On Thursday, November 18, 110 Broad Street hosted an African, Latin, Asian, & Native American (ALANA) forum on international living, during which five students discussed their international lives before coming to Colgate and compared their experiences abroad to their life now.
Colgate has 175 international students from 36 countries.
“Colgate is very committed to the recruitment of international students,” Colgate’s Outreach/Programming Coordinator Elise Bronzo said.
This fall, Vice President and Dean of Admission Gary Ross and Associate Dean of Admission Katryna Swartwout Ryan have covered 20 countries in their recruiting.
“Colgate recruits these individuals to be a part of our community because they add incredible diversity to campus,” Bronzo said. “In order to have a holistic collegiate experience, exposure to peers who are unlike you is essential.”
Bronzo also stressed the importance of finding ways to relate to people that seem totally different from you.
Sophomore Dagan Rossini, who has spent time in 16 countries, also addressed this idea.
“I certainly had no idea who I really was until I saw the world,” Rossini said.
His time overseas greatly influenced his decision to become a Peace and Conflict Studies major.
First-year Stealla Yoh has lived in Korea, North Carolina and Tanzania, and spoke about her national identity, saying that she would most accurately describe herself as an “international citizen.”
Sophomore Charlie Meneghin studied abroad three times during high school – once in France and in Germany twice. Meneghin spoke about how Americans are often viewed with negativity overseas, saying that he has been bombarded with questions from Europeans about why Americans are so intolerant. He even mentioned that an 8-year-old French girl once asked him “why President Bush was such an idiot.”
“It really hurts when your country is viewed in such a negative light,” Meneghin said, “but through working with other people from other cultures, you can work to promote the good parts of the human experience.”
First-year Karl Jackson, who grew up in an predominantly African-American neighborhood of Chicago, has spent time in China and Japan, and spoke about the experience of feeling like an outsider in an environment where you are virtually the only person of your ethnicity.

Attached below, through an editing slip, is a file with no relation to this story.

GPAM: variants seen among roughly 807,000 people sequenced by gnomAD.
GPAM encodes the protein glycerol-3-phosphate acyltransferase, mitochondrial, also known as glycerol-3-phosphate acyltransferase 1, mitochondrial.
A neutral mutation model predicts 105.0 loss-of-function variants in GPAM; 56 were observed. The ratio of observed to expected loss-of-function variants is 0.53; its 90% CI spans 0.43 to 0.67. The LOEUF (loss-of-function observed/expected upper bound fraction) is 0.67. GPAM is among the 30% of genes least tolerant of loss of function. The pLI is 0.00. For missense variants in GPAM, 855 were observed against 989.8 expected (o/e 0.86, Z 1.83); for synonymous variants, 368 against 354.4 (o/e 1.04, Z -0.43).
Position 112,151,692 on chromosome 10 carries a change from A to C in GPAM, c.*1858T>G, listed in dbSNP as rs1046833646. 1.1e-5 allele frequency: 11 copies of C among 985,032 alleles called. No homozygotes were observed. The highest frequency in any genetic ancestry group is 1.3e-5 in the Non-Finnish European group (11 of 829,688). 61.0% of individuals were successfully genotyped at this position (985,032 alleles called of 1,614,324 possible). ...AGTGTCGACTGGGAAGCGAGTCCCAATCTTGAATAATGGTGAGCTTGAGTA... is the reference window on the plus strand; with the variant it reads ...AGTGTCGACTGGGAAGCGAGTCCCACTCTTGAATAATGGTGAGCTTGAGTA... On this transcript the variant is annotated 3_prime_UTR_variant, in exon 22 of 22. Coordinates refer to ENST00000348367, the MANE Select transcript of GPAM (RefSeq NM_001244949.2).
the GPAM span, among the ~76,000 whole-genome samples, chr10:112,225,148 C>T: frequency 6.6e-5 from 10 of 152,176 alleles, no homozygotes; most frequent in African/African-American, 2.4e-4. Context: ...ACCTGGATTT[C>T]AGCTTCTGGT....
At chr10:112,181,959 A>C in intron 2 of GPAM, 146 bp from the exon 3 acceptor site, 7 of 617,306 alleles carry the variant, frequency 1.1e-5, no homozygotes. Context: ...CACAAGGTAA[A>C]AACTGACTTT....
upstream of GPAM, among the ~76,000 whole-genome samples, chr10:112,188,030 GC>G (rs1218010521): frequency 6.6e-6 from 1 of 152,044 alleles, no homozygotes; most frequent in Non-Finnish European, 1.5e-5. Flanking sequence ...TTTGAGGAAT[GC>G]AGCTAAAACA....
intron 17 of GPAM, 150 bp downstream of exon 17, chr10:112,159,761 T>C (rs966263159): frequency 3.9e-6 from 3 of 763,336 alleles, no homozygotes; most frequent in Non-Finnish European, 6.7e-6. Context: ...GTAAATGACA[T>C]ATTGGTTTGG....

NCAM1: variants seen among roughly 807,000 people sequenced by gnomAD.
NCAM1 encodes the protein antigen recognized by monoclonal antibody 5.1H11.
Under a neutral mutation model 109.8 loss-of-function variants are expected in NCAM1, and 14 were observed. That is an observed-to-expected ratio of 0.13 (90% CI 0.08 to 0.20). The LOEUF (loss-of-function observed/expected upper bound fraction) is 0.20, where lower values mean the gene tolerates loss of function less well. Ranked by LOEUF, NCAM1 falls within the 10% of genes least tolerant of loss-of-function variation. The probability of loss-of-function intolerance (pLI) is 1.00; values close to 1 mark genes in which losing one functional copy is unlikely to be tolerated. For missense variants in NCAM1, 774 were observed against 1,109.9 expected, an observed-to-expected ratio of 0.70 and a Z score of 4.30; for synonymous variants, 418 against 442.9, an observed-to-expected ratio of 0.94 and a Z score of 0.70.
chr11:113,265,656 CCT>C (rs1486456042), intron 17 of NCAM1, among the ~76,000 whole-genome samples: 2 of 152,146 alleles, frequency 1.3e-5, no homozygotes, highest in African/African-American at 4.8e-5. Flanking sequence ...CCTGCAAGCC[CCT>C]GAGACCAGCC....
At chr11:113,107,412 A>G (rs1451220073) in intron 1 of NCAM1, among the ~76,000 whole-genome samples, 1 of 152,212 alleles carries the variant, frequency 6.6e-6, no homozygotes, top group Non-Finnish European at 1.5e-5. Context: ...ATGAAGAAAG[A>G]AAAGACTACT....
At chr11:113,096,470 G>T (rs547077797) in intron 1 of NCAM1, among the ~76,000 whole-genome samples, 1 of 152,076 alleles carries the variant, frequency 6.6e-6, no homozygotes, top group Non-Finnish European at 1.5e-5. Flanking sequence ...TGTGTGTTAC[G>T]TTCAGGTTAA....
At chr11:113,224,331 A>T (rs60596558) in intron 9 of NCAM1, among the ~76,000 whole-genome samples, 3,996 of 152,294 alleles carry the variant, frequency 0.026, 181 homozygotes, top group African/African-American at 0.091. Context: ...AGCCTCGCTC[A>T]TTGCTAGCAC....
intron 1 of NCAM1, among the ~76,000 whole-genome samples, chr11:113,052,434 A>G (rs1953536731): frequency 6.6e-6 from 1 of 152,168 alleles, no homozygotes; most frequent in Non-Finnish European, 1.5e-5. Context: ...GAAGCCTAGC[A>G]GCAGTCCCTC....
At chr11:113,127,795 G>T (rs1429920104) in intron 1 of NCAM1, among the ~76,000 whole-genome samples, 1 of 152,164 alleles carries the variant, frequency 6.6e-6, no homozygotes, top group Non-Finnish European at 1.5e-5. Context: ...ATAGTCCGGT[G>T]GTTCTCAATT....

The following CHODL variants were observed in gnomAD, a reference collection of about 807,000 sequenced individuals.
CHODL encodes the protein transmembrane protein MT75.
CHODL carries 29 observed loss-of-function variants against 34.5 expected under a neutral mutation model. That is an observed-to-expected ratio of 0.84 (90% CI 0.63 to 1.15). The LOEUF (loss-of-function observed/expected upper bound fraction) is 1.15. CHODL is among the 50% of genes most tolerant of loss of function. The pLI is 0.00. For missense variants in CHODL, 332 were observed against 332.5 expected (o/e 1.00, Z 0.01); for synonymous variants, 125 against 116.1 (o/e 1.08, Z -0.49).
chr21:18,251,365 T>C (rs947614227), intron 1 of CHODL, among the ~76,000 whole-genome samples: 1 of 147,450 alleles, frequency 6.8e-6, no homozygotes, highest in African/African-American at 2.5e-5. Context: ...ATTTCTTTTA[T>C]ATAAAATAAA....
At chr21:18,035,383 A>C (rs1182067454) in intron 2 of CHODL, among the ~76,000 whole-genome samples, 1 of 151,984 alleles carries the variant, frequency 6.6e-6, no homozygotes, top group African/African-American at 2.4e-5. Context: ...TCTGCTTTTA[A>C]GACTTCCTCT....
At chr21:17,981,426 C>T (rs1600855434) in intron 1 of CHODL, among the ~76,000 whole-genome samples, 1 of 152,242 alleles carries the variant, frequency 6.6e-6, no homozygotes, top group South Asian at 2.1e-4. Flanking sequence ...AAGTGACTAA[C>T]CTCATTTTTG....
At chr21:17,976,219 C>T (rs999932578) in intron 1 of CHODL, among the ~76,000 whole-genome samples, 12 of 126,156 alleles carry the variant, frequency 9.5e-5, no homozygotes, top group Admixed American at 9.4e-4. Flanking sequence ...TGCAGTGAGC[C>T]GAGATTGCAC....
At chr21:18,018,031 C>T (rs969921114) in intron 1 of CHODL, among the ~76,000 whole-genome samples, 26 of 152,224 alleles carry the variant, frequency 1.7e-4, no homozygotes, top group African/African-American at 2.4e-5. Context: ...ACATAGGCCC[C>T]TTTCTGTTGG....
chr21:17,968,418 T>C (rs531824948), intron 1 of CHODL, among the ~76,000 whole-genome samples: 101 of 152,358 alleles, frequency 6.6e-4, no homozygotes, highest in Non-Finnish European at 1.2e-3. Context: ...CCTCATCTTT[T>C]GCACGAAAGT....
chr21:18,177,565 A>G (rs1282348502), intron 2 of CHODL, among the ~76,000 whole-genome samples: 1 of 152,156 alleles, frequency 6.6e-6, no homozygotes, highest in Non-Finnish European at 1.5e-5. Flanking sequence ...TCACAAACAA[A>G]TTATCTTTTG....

“In Japan, if you are not Japanese, then you’re simply classified as ‘something else,” Jackson said. “I thought I was the only black person in all of Japan. On the other hand, in China, I became every black person who ever existed. I was Barack Obama and Lebron James at the same time.”
Jackson said that entering the Colgate community was an all too familiar experience.
“Coming to Colgate was really funny, because again I was the only black person in Stillman, or the only black person in my class.”
These experiences brought to his attention the danger of “culture bubbles” and the importance of stepping outside your comfort zone.
First-year Mali Jensen addressed the same issue, and expressed the need for more outreach and less segregation of cultures.
“I find that sometimes there’s a lack of curiosity about the wider world because here we’re in a bubble,” Jensen said.
Jensen has moved all over the world, spending significant time in East Africa and Tanzania before coming to Colgate. It was not until coming to Colgate, she said, that she realized the benefits of having an international identity.
“I hate the question, ‘Where are you from?'” Jensen said, “because I don’t feel the need to define myself by a country. For me, my home is where my family is.”
Although these students come from vastly different cultures, they all expressed one uniform idea; that cultural understanding is contingent on cultural experience.